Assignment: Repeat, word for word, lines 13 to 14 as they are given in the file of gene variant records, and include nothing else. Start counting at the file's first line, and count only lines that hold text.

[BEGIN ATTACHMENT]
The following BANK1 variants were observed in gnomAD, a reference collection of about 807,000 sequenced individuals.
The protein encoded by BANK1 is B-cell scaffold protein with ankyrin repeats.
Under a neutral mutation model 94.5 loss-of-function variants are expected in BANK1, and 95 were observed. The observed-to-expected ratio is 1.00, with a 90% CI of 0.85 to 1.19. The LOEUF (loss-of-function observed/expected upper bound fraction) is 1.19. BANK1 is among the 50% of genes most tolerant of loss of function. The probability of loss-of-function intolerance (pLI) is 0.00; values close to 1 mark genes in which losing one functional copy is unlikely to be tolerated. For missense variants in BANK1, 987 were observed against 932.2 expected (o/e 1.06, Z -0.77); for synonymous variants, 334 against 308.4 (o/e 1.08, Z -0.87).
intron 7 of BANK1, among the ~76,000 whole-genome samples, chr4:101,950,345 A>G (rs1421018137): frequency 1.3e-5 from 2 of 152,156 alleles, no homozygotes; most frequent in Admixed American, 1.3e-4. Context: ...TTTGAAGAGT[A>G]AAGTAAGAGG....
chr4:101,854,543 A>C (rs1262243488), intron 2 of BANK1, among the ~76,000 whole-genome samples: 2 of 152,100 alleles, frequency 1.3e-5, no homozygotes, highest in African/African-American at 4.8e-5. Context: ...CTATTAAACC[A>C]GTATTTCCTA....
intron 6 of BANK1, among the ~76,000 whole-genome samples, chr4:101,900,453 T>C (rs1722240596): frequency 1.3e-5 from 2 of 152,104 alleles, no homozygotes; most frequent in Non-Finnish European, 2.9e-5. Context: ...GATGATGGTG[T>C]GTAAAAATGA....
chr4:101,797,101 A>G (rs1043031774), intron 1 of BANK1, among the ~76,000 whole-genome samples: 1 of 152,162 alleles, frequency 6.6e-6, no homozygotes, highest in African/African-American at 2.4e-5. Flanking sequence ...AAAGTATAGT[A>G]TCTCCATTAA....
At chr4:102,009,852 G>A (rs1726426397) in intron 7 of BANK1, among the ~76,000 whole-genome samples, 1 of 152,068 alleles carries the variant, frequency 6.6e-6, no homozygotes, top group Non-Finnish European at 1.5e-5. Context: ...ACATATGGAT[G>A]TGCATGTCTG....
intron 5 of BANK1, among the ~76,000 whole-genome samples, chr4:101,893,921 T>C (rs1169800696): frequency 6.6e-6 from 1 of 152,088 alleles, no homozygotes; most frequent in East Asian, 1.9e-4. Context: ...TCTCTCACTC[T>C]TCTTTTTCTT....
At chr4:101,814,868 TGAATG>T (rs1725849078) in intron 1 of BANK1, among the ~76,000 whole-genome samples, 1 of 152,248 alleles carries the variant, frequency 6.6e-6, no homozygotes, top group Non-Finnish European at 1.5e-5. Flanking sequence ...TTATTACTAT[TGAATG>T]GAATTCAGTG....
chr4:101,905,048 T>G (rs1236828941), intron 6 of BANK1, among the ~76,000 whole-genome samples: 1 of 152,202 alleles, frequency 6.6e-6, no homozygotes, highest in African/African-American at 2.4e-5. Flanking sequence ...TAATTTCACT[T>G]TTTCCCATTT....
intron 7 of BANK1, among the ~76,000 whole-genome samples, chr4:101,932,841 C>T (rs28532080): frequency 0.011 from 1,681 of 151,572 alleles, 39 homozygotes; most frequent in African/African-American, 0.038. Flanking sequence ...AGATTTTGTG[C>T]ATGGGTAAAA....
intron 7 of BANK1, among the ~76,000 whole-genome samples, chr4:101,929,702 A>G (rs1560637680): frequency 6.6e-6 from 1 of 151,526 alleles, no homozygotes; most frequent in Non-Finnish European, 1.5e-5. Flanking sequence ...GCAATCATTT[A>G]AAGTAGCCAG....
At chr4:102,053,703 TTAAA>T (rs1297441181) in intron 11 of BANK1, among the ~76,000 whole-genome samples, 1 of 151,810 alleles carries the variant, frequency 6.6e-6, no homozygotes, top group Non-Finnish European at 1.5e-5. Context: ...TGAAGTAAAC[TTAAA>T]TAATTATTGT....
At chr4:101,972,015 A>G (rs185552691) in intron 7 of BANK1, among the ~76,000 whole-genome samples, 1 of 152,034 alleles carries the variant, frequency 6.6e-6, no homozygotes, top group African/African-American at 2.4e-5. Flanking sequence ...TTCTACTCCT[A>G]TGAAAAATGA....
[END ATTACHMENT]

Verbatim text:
intron 7 of BANK1, among the ~76,000 whole-genome samples, chr4:101,929,702 A>G (rs1560637680): frequency 6.6e-6 from 1 of 151,526 alleles, no homozygotes; most frequent in Non-Finnish European, 1.5e-5. Flanking sequence ...GCAATCATTT[A>G]AAGTAGCCAG....
At chr4:102,053,703 TTAAA>T (rs1297441181) in intron 11 of BANK1, among the ~76,000 whole-genome samples, 1 of 151,810 alleles carries the variant, frequency 6.6e-6, no homozygotes, top group Non-Finnish European at 1.5e-5. Context: ...TGAAGTAAAC[TTAAA>T]TAATTATTGT....